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Opinion : Let’s see pavements reclaimed for the pedestrians!

| September 1, 2020

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There is nothing worse than walking along the pavement to find a car blocking your way.

Indeed ‘pavement parking’ is a big problem is some parts of High Wycombe, especially the residential areas.

My good self has lost count of the number of times I have seen someone pushing a child in a pram have to move out into the road because a parked car is blocking their way.

Pavement parking is probably one of the most anti-social things in towns of England today and surely ranks alongside bonfires in terms of incidents of nuisance.

However in London currently parking on the pavement is banned but not in the rest of England. Fear not, the law may be about to be changed as the Department for Transport has recently launched a consultation that could potentially see pavement parking outlawed throughout England.

Details of the ‘Pavement parking: options for change‘ consultation can be found at https://www.gov.uk/government/consultations/managing-pavement-parking/pavement-parking-options-for-change.

Anyone can submit a response to the consultation at the following link https://www.smartsurvey.co.uk/s/2XI2G/. The consultation closes on Sunday 22nd November 2020.

The consultation gives three options :

  • Option 1 – To rely on improvements to the existing Traffic Regulation Order system.
  • Option 2 – To enable local authorities to enforce against an offence of ‘causing an unnecessary obstruction of the pavement’, as deemed by the Civil Enforcement Officer.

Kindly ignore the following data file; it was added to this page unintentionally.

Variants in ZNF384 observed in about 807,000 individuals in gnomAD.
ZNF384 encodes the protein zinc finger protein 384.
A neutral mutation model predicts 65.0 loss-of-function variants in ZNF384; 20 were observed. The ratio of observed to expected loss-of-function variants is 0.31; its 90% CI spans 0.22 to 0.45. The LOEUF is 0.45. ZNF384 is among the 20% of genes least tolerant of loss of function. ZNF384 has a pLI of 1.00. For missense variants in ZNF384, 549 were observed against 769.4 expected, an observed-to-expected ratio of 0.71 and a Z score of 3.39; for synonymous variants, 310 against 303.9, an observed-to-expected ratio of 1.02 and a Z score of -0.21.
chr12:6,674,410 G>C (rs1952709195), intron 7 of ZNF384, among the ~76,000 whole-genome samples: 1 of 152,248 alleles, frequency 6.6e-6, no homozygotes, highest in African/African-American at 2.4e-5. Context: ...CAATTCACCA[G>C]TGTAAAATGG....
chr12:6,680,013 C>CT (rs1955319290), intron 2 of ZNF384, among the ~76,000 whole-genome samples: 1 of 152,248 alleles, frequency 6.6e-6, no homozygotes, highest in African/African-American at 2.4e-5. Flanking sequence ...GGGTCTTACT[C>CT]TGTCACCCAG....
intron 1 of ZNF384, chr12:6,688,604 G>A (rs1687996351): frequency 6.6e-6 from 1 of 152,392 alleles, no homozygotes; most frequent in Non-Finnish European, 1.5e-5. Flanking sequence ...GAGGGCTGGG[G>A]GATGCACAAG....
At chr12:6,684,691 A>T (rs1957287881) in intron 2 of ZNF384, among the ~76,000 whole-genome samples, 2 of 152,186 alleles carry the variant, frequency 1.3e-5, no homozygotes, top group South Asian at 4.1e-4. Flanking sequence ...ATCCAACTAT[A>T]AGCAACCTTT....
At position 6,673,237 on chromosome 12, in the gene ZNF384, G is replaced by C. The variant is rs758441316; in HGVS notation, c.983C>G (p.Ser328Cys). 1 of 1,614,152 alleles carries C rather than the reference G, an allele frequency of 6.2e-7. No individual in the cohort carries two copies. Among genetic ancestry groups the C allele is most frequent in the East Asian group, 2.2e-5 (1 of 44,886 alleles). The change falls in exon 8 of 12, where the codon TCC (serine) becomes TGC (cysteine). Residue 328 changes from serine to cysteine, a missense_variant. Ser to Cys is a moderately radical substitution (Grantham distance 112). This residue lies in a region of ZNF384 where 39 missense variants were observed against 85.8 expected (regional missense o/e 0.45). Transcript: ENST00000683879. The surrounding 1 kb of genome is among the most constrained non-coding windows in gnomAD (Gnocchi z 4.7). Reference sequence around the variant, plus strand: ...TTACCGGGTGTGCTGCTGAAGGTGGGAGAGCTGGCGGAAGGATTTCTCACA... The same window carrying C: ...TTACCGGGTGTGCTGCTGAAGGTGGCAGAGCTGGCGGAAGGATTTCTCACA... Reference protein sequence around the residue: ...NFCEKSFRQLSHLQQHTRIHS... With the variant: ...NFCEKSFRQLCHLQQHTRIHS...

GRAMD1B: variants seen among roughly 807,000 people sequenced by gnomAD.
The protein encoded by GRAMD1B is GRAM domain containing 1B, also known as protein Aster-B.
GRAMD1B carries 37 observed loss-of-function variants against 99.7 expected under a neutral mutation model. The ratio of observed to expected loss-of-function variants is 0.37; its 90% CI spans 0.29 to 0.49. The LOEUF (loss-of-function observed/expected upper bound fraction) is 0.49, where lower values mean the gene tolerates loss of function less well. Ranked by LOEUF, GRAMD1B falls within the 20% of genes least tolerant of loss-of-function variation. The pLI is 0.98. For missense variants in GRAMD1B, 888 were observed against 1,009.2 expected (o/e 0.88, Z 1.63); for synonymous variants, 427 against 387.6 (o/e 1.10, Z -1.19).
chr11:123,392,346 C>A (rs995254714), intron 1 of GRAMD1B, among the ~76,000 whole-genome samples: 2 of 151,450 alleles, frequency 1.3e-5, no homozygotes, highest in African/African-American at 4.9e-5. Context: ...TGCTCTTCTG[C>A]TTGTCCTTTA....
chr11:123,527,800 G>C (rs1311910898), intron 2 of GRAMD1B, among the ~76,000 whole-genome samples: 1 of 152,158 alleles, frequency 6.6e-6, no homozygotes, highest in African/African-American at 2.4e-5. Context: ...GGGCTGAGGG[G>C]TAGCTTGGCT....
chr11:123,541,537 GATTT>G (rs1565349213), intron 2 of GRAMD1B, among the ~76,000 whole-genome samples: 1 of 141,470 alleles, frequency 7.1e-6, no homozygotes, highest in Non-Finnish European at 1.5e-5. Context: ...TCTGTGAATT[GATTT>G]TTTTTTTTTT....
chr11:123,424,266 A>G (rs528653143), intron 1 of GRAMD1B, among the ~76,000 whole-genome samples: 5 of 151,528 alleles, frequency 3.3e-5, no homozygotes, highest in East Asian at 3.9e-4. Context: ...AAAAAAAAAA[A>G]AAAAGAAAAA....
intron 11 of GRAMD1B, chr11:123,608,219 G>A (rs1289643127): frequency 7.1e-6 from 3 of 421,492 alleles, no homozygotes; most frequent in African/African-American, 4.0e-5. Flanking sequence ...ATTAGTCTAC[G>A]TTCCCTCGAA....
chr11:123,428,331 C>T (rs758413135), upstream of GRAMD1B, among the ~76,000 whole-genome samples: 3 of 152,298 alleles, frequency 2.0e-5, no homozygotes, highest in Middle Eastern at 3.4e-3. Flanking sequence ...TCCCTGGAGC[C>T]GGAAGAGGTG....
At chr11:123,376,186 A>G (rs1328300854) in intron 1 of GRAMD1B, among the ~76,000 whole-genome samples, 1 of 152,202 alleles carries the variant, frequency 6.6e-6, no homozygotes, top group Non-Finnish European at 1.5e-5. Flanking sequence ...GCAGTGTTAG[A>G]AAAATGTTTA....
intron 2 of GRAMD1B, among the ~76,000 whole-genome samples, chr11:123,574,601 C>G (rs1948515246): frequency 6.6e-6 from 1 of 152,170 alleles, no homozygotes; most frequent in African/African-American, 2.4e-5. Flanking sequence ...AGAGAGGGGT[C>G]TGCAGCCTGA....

• Option 3 – To introduce a national prohibition on pavement parking, except at locations where local authorities choose to allow it.

From what my good self can see the first two options simply shift the problem to the behest of the local authority overseeing the local Traffic Regulation Order or the local Civil Enforcement Officer. To me this seems just more bureaucracy for the local authorities which will inflate the jobs and egos of those working for the powers that be with very little real difference for the ordinary people of the town.

In my option the third option is the best and will solve the problem of paving parking in an instant. Let’s see the pavements reclaimed for the pedestrians!

Not only does pavement parking cause problems for pedestrians but vehicles driving over the pavement must surely cause damage to the surface of the pavement itself resulting in additional costs to the local authorities to repair the pavements more often than is necessary.

Of course any law needs enforcement, all too often there are laws to prohibit things but sadly the powers that be don’t bother to enforce them or give certain offences very low priority.

If opinion three is implemented perhaps the fines could be set at a level that deters offending with direct action against the offending vehicle. For example if a vehicle was parked on the pavement then in my opinion someone should be able to call a number to report the incident and the vehicle should be immediately towed away and a release fine charged of 25% of the value of the vehicle.

All too often motoring offences result in a penalty charge notice being sent to the registered owner of the vehicle, however yours truly has heard of so many cases where the vehicle is registered to a false person at a false address thus allowing the rascal who committed the offence to escape.

Any system introduced under Option 3 should, in my view, be able to pay for itself from the fines raised and possibly give profit that can be put back into the local communities.

Can you imagine how nice it would be to walk along the pavements of High Wycombe without having to step out into the road to walk around a car parked on the pavement?

Now is your chance for the dream of parking free pavements to come true, all it needs is for enough people to respond to the survey choosing Option 3 and urban utopia will move a step closer!

What do you think?

My blogs are published regularly here on the WycombeToday.com website.

You can also follow me on Facebook at https://www.facebook.com/ivor.wycombe or on Twitter at https://twitter.com/Ivor_Wycombe.

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